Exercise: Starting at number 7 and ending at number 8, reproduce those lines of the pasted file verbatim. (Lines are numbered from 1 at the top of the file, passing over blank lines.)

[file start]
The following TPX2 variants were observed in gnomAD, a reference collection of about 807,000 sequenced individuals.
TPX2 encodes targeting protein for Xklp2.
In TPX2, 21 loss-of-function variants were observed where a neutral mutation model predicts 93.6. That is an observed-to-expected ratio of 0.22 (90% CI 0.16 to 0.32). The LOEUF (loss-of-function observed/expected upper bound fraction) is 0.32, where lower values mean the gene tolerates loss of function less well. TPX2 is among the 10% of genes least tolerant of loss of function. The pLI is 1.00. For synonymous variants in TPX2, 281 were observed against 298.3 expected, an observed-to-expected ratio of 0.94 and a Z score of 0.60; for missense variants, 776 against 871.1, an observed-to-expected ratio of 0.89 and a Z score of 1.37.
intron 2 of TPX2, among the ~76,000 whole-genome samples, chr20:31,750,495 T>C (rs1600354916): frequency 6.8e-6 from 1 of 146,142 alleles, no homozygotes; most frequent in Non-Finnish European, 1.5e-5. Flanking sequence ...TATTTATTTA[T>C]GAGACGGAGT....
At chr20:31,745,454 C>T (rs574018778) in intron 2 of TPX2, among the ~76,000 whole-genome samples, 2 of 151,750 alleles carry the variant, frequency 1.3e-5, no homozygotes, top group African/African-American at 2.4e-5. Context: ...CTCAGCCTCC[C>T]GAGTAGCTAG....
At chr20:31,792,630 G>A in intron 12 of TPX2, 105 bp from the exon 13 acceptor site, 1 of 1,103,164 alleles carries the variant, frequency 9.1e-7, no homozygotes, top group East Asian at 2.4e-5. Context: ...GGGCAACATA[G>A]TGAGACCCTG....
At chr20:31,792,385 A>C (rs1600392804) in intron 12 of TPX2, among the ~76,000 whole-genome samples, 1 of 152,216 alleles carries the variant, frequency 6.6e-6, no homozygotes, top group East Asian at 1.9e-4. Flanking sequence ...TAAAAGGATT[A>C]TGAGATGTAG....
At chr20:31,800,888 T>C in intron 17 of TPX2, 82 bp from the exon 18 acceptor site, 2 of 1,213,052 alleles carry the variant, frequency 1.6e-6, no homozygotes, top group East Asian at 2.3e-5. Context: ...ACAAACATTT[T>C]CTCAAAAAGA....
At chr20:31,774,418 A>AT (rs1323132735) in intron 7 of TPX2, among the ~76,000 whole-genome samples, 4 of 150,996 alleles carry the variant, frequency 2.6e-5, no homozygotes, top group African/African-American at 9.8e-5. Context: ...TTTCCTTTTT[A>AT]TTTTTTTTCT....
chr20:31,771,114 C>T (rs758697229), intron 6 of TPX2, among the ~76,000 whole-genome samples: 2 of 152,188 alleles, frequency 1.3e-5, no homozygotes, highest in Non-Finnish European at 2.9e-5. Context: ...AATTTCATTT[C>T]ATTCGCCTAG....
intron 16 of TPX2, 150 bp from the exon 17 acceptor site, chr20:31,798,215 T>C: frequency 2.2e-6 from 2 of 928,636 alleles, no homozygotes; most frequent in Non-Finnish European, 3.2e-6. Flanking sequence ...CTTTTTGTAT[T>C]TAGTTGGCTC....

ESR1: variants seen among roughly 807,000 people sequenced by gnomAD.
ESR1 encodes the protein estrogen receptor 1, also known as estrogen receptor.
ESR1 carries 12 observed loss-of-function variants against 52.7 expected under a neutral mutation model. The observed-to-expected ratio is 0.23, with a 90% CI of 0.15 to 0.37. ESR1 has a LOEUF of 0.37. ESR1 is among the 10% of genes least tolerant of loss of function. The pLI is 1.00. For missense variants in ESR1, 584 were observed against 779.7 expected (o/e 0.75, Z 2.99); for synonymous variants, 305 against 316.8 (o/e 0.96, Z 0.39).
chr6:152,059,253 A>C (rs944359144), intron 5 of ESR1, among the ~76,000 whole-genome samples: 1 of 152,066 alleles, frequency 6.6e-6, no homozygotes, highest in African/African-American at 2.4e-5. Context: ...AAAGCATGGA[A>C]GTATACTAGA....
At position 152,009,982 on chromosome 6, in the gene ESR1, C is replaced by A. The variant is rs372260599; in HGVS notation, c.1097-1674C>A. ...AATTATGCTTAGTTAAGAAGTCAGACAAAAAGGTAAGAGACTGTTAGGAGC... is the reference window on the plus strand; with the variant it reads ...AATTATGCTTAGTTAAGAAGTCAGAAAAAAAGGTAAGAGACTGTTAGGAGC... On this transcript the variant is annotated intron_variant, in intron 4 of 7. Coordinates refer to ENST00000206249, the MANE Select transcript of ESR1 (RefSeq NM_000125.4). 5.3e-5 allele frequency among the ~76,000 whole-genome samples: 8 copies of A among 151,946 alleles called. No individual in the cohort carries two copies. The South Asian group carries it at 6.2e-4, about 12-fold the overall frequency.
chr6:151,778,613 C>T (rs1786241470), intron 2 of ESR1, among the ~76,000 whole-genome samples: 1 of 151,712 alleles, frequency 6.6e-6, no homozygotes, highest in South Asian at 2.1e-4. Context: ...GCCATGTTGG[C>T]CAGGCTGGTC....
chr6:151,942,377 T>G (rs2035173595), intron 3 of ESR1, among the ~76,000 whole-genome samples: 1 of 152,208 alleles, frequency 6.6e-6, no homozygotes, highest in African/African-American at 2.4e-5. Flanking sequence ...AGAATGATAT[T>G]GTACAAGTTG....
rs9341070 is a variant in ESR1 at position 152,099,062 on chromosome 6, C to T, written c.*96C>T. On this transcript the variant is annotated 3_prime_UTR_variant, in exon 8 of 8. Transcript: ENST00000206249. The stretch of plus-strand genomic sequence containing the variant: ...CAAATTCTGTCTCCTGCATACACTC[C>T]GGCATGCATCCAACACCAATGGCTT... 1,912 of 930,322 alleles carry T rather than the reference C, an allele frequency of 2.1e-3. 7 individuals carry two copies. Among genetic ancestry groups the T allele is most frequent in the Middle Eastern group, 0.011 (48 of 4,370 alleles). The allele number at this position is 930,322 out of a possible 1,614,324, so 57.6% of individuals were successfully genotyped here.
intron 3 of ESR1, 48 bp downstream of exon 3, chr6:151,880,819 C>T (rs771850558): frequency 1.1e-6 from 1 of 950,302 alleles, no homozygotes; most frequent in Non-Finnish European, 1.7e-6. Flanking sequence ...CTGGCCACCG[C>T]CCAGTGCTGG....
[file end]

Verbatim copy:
At chr20:31,792,385 A>C (rs1600392804) in intron 12 of TPX2, among the ~76,000 whole-genome samples, 1 of 152,216 alleles carries the variant, frequency 6.6e-6, no homozygotes, top group East Asian at 1.9e-4. Flanking sequence ...TAAAAGGATT[A>C]TGAGATGTAG....
At chr20:31,800,888 T>C in intron 17 of TPX2, 82 bp from the exon 18 acceptor site, 2 of 1,213,052 alleles carry the variant, frequency 1.6e-6, no homozygotes, top group East Asian at 2.3e-5. Context: ...ACAAACATTT[T>C]CTCAAAAAGA....